Wednesday, 15 September 2010

But what's it for??

There are a number of pieces in French pottery that lead one to ask "but what's it for?"  Often the explanation is logical ("oh, why didn't I think of that!") and relates to the utility of the piece and French culture ... here are some of my favorites:

The famous "beurrier conservateur" :

This two-part piece is a butter keeper, used to preserve churned butter, going back to a day when there was no refrigeration. (And even when there was ... until we had cats, we only put our butter in the fridge in the month of August – it's not that hot here in Brittany.)

This is the lid, turned upside down; the butter gets packed into the cup with the holes.

Then the lid is turned right side up again and placed into the pot, which has been filled with cold water, which serves to seal the butter and keep it fresh. To serve the butter, the lid is simply taken out, turned upside down again, and placed on the table!

The real butter keeper is made of stoneware, which is more suitable for keeping the water cool and therefore the butter fresh. However, the form has been copied in pottery by the Quimper manufactures (and others) – it's a piece that's fun to talk about and therefore fun to sell.  (I used to run a shop in the center of Quimper, and one day a Japanese tourist came in. She spoke no French nor English, but she had a clipping from a Japanese newspaper with drawings of the butter keeper - a splendid example of cross-cultural communication!)

Here's a piece from 100 years ago that looks like a candlestick:

But why does it have those pinched spouts on either side? Ah, because it's an oil lamp for floating wicks, and the spouts make it easy to empty out the oil!
I don't know the answer to this one:

It's a Boulogne piece made as a souvenir, shaped sort of like an upside-down umbrella, with six holes. I believe that I have been told in times gone by that this type of piece is a cigar holder (for the little ones). However, nobody agrees with me about this, and pencils seem to be the next best candidate for these holes. I'm open to suggestions ...

This one is obviously a snail!

This snail is unusual in that it is part of a series of animals designed to be knife rests. The French are big on knife rests, even today – it's one way to use fewer pieces of flatware and still keep your tablecloth clean. When I moved here, I thought the concept was so cool, and I went right out and bought very plain crystal ones. The Quimper ones are more utilitarian than decorative – square, triangular, or round with square ends – but the Desvres and Boulogne ones are much more whimsical, with shapes of all sorts of animals. However, the animals usually have long backs so that it is easy to place the knife, even if you come to the table without your glasses. With this snail, you need to pay attention to where exactly that knife is placed.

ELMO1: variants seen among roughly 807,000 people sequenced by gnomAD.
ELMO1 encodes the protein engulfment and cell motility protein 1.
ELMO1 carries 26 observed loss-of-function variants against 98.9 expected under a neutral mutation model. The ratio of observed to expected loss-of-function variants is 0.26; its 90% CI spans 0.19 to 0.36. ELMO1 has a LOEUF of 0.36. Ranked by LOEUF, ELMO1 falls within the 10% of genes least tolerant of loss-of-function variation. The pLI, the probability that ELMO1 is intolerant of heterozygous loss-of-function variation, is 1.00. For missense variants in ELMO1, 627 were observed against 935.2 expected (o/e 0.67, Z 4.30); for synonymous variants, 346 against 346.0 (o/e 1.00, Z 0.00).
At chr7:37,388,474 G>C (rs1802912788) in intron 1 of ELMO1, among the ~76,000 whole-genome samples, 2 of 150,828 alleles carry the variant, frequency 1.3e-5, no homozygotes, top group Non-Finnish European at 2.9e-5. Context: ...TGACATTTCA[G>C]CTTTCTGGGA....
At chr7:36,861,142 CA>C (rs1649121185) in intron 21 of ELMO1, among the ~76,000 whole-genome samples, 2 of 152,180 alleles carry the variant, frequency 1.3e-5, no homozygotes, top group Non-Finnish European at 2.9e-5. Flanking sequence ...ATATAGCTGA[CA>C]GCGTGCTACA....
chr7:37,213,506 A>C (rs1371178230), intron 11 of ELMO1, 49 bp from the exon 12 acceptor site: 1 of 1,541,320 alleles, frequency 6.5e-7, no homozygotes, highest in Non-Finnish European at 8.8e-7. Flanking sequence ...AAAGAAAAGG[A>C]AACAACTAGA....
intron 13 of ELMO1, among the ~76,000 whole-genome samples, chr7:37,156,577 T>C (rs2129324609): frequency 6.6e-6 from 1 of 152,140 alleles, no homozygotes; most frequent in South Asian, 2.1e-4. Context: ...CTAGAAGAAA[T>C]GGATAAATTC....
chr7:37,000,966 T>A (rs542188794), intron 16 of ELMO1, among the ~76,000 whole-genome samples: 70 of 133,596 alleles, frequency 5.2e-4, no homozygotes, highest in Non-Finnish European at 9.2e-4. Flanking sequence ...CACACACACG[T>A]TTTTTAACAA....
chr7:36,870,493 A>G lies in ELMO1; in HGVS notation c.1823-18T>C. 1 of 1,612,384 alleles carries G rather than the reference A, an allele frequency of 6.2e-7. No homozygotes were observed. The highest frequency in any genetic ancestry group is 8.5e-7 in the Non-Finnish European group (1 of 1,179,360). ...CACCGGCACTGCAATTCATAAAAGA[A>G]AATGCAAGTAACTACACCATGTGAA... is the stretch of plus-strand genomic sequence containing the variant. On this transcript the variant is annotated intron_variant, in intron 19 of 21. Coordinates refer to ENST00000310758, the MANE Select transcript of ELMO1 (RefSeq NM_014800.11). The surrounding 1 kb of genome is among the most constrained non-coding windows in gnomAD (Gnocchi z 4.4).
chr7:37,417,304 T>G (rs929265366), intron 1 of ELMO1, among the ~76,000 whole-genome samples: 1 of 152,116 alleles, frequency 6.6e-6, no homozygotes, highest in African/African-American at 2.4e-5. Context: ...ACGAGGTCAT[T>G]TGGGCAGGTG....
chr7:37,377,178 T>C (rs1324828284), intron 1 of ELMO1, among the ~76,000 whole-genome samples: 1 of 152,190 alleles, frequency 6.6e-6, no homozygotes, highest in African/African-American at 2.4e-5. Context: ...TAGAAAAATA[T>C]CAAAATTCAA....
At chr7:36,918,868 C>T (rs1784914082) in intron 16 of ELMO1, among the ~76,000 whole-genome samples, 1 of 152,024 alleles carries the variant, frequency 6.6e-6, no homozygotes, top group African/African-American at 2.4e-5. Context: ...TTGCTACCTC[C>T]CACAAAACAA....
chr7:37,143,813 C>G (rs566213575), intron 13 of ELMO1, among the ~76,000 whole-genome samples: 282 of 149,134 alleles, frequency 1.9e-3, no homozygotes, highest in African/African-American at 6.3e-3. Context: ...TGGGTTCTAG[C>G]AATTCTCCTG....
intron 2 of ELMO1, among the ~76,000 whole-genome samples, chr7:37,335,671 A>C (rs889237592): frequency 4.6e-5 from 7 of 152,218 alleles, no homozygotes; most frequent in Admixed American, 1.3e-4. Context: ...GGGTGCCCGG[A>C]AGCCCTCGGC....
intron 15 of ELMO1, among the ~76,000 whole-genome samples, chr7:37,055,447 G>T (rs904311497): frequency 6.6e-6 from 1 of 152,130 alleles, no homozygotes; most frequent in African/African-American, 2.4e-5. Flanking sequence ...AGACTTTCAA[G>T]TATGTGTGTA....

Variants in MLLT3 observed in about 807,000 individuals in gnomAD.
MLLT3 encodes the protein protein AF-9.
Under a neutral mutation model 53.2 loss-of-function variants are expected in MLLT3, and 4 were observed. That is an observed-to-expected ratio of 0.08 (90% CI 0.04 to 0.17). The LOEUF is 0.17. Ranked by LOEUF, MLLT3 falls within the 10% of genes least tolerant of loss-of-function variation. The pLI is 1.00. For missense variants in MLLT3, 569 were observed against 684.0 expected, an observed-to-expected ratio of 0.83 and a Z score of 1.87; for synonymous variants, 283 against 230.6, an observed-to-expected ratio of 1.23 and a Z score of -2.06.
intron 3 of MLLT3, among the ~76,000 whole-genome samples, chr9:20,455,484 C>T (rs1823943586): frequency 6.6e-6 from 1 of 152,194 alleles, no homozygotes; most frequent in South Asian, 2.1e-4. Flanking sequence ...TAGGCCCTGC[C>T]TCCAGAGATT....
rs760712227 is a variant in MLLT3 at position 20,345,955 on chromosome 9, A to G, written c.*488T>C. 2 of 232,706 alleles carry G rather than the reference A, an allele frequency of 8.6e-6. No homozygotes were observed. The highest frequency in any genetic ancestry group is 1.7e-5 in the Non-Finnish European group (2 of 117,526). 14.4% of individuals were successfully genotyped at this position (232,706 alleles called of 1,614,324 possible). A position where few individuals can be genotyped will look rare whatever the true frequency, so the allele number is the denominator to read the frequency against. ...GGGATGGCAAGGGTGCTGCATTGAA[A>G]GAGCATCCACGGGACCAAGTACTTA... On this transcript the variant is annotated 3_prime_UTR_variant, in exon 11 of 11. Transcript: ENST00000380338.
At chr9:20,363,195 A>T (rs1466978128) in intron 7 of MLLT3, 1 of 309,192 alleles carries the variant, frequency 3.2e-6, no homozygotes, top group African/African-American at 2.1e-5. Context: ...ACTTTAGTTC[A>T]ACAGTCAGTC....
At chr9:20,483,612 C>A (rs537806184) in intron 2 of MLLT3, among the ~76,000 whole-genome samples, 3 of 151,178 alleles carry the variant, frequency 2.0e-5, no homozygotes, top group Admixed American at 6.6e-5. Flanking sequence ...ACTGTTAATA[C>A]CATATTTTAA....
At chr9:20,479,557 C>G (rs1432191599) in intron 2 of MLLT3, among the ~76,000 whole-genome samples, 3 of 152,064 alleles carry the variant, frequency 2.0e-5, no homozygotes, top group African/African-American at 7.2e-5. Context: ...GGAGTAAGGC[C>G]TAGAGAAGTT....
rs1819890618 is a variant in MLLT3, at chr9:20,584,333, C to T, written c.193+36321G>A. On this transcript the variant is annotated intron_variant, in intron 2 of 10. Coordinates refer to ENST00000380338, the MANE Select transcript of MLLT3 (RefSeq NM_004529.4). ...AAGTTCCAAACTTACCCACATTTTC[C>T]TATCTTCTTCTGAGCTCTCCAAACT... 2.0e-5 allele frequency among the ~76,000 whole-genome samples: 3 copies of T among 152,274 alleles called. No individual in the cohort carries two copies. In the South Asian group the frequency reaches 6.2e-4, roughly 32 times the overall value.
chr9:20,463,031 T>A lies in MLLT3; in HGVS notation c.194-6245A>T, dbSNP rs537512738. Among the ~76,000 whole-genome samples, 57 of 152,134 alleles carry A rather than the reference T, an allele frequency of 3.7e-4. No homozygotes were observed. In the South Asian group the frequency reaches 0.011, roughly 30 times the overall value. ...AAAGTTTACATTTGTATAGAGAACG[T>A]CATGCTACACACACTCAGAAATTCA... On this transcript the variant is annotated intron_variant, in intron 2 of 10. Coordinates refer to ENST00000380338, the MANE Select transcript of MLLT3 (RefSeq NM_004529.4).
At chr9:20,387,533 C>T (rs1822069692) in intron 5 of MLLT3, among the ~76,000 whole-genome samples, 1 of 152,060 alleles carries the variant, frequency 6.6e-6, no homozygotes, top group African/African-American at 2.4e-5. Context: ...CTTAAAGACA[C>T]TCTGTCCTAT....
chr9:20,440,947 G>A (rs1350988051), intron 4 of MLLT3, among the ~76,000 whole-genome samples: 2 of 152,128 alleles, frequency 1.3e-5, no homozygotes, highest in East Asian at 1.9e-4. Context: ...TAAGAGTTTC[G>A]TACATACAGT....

Here's a contemporary piece whose style has been very popular for the last ten or so years:

It's a round platter, mostly intended for desserts (although pizza would work), and the "what's it for" question relates to the numbers around the border. It's called a "plat diviseur", and it is intended to help you cut even portions of whatever is being presented on the platter. Depending on how many are at your table, you make the first cut at zero and subsequent cuts at the number corresponding to the how many pieces you want: so if there are seven for birthday cake, you cut at zero and all the sevens. Of course, if there are more than nine people, then you will have to use your eye to do some extra cutting. For ten, for instance, you would cut at zero and all the fives, and then each piece would have to be cut in half again. If there are more than 18 of you, then you need another cake! (By the way, this particular platter from Pornic features a version of the cornucopia pattern that just about every manufacture in France did at some time in its history!)

And this is my absolute favorite:

This is a page from the book Le Livre des 5000, a catalogue of designs from around 1930 from the HB Quimper manufacture. I puzzled over these patterns for a long time, and finally one day, I got it! These are designs for umbrella handles, with each side of the handle being depicted. Somebody put a lot of thought into these, but I do not believe that they were ever produced; they are a most interesting example of being artistic about the utilitarian!

So that's what it is for ...


  1. The first piece of Quimper I ever bought was a Beurrier conservateur not knowing what it was.
    Love those designs for umbrella handles. I would definitely have to have one of those if available today.

  2. Judy, what an interesting and clever topic for a post. I much enjoyed each one. I think the platter with the numbers for cutting slices is my favorite idea, but I would definitely be in line to purchase one of those umbrellas with a faience handle. Too bad they were not produced.
    Kudos on a fantastic post! ~ Sarah

  3. What an interesting post Judy! I learned so much, and I really enjoyed seeing all of these examples. I especially love the idea of the butter keeper. What inventive ways to make something ordinary into something extraordinary. laurie

  4. Very interesting and informative post Judy. Who else would have figured out the designs were for umbrellas? Clever.

  5. I would suggest that the B-sur-Mer umbrella holder was for pipes? Although I'm not sure what male would go for that...!